Cordylancistrus nephelion , Francisco Provenzano & Nadia Milani, 2006

Francisco Provenzano & Nadia Milani, 2006, Cordylancistrus nephelion (Siluriformes, Loricariidae), a new and endangered species of suckermouth armored catfish from the Tuy River, north-central Venezuela., Zootaxa 1116, pp. 29-41: 31-36

publication ID

z01116p029

persistent identifier

http://treatment.plazi.org/id/26E39D66-E23A-8F3A-4A57-7F8342CD4E02

treatment provided by

Thomas

scientific name

Cordylancistrus nephelion
status

new species

Cordylancistrus nephelion  ZBK  new species

Figs. 1-2, Table 1

Holotype: MBUCV-V- 21800, 129.1 mm SL; Venezuela, Caribbean Sea basin, Tuy River system, Mesia River, tributary of the Guare River, near Village Corocito, approximately 10°12'N, 67°05'W; N. Padilla and H. Camejo; 26 January 1992. 

Paratypes: All from Venezuela, Caribbean Sea basin, Tuy River system. Miranda State: MBUCV-V- 21801, 1 ex., 121.2 mm SL; collected with the holotype  . MBUCV-V- 12526, 1 ex., 61.0 mm SL; Grande River approximately 500 m upstream from its mouth in Santa Cruz River, a tributary of Taguaza River, Guatopo National Park, approx. 10°05'N, 66°29'W; R. Royero and party; 01 March 1981  . MBUCV-V- 16382, 1 ex., 55.2 mm SL; Mesia River, tributary of the Guare River, Paso del Viento, near the road to Tácata, approx. 10°12'N, 67°02'W; N. Padilla and L. Aguana; 30 January 1992  . MBUCV-V- 21806, 1 ex., 31.1 mm SL; Cagua River, Boca de Cagua, approximately 10 km E of Village Guayas, approx. 10°14'N 67°07'W; R. Royero, F. Gil and C. Navarrese, 06 April 1991  . MBUCV-V- 27872, 1 ex, 76.4 mm SL; Mesia River, tributary of the Guare River, Pozo El Cirilo, near Village El Salado, approx. 10°13'N 67°03'W; N. Padilla and E. Camejo; 29 May 1994  . Aragua State: MBUCV-V- 22700, 1 ex., 75.9 mm SL; Quebrada Agua Amarilla, a tributary of the Cagua River, Village Agua Amarilla, SE of Tejerias, approx. 10°12'N, 67°03'W; N. Padilla; 23 February 1992  .

Diagnosis. Cordylancistrus nephelion  ZBK  can be distinguished from the other species assigned to its genus by its unique color pattern. Head and body blackish to greenish brown with white irregular spots. Abdomen uniformly white. All fins with whitish spots that simulate bands.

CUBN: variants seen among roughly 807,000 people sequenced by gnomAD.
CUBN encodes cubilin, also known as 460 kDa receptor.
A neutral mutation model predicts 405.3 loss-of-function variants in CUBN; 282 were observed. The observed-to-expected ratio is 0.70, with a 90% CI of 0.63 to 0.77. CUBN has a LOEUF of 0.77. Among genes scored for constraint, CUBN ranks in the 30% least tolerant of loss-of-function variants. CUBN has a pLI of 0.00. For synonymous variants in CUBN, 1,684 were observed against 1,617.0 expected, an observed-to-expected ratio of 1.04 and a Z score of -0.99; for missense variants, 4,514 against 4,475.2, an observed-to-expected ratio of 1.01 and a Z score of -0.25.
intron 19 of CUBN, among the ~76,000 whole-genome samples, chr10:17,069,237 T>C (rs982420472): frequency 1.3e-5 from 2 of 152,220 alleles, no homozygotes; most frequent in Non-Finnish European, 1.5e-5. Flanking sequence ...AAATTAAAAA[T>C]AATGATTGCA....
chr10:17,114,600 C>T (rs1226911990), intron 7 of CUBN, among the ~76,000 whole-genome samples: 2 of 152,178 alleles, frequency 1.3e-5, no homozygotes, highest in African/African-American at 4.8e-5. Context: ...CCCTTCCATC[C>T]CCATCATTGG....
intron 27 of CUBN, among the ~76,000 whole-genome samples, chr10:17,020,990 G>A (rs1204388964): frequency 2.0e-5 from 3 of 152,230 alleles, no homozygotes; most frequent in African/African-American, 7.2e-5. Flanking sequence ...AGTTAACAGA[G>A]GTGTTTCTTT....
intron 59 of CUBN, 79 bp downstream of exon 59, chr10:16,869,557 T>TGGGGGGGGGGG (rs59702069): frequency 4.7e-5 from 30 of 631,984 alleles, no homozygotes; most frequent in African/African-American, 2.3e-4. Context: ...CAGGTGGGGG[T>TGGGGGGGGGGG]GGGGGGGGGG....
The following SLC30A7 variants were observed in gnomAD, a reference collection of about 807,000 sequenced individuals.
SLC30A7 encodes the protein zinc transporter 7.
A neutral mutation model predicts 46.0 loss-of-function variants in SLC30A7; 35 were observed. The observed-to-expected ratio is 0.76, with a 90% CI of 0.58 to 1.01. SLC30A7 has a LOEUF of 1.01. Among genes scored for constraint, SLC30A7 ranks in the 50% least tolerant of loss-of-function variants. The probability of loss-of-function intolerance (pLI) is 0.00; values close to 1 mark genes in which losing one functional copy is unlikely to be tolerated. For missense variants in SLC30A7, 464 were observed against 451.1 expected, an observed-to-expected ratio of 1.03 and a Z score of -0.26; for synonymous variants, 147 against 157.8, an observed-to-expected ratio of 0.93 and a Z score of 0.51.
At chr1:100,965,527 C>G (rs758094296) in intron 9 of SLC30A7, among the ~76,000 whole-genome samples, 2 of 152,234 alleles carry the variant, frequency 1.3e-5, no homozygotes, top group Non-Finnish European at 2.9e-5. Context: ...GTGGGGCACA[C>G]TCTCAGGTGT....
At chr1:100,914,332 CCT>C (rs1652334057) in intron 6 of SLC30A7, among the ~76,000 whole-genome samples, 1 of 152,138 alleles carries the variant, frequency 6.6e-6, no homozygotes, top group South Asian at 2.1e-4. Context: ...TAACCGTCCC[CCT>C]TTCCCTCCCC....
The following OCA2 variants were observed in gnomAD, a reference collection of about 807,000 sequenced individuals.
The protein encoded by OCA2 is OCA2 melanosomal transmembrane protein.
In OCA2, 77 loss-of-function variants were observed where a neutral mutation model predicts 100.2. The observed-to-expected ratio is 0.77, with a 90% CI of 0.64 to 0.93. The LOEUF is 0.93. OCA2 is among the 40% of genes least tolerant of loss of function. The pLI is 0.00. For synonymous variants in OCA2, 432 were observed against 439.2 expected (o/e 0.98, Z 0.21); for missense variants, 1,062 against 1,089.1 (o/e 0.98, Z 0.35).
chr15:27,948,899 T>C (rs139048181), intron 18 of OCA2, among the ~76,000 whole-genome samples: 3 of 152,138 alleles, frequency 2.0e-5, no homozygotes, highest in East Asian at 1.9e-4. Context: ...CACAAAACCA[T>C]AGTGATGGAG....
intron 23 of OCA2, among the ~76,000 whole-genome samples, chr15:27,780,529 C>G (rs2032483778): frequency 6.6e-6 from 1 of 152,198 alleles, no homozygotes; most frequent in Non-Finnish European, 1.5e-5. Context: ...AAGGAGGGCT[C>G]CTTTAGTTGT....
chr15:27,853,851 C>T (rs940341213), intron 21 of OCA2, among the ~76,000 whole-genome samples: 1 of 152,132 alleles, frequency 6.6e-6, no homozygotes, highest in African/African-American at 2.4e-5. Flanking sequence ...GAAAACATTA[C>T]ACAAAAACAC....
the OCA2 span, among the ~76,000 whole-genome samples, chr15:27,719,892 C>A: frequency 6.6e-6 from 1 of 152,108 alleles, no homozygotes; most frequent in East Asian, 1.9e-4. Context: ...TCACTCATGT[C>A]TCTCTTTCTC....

Description. Morphometric data are given in Table 1. Head wide and slightly depressed. Snout edge covered with small plates, its contour oval. Eyes in dorsal position, dorsal edge of the orbits slightly raised, small odontodes found around orbits. Interorbital space flat. Posterior edge of the supraoccipital without a fleshy keel. Mouth wide, lips papillose, papillae of the anterior lip slightly larger. Edge of the posterior lip with marked undulations. Maxillary barbels very short and joined to lower lip by a fleshy flap, leaving tip of barbel free. Premaxilla and dentary enlarged. Inside mouth behind premaxilla with three to five larger papillae. Also behind the dentary three to five larger and smooth papillae present that increase in size toward center of mouth (Fig. 2). Teeth numerous, 49 to 105 teeth on each premaxilla and 53 to 129 on each dentary. Teeth are very thin and elongated, with apex curved toward interior of mouth. Teeth bifurcate, one lobe slightly longer than other, both tips are pointed. Tooth apex yellowish, stalk whitish. Interopercular hypertrophied evertible odontodes vary in size; longest odontode sometimes reaches the cleithrum but surpasses it in only one specimen. Hypertrophied odontodes vary in number from six on smallest specimen to 25 on the largest. Body robust and relatively deep. Caudal peduncle compressed. Lateral plates of the body without spiny keels. Lateral line plates 23 to 24. Post-anal plates 10 to 11. Inter-dorsal plates six, the last with a slight keel. Ventral surface of body naked to origin of anal fin. Dorsal fin I8. Pectoral fin I6, pectoral spine relatively short, reaching one-third length of pelvic spine or less. In all examined specimens, pectoral spine with odontodes on posterodorsal surface. Anal fin with four branched rays, three on one specimen. Pelvic fin I5. Caudal fin I14I, obliquely truncate.

Color. In specimens preserved in 70% ethanol head and body color varies from blackish to greenish brown with white irregular spots; abdomen uniformly white. Dorsal surface of head with small spots that become larger posteriorly. Spots along body approximately as wide as the eye; in some cases two or more spots unite to form a spot of greater size. Spine and branched rays of dorsal fin with four to five whitish spots. Interradial membrane with irregular translucent spots, more evident towards the distal margin. In largest specimens (121 and 129 mm SL), pectoral-fin and pelvic-fin spine have six to seven whitish spots and branched rays have five to six, while in smaller specimens (76.4 mm SL or less) spines with four to five and branched rays with three to four. Interradial membrane hyaline. Anal fin generally whitish with dark distal border. Adipose fin with whitish band. Caudal-fin spines with six to seven whitish spots and branched rays with four to six. Interradial membrane with pattern similar to dorsal fin.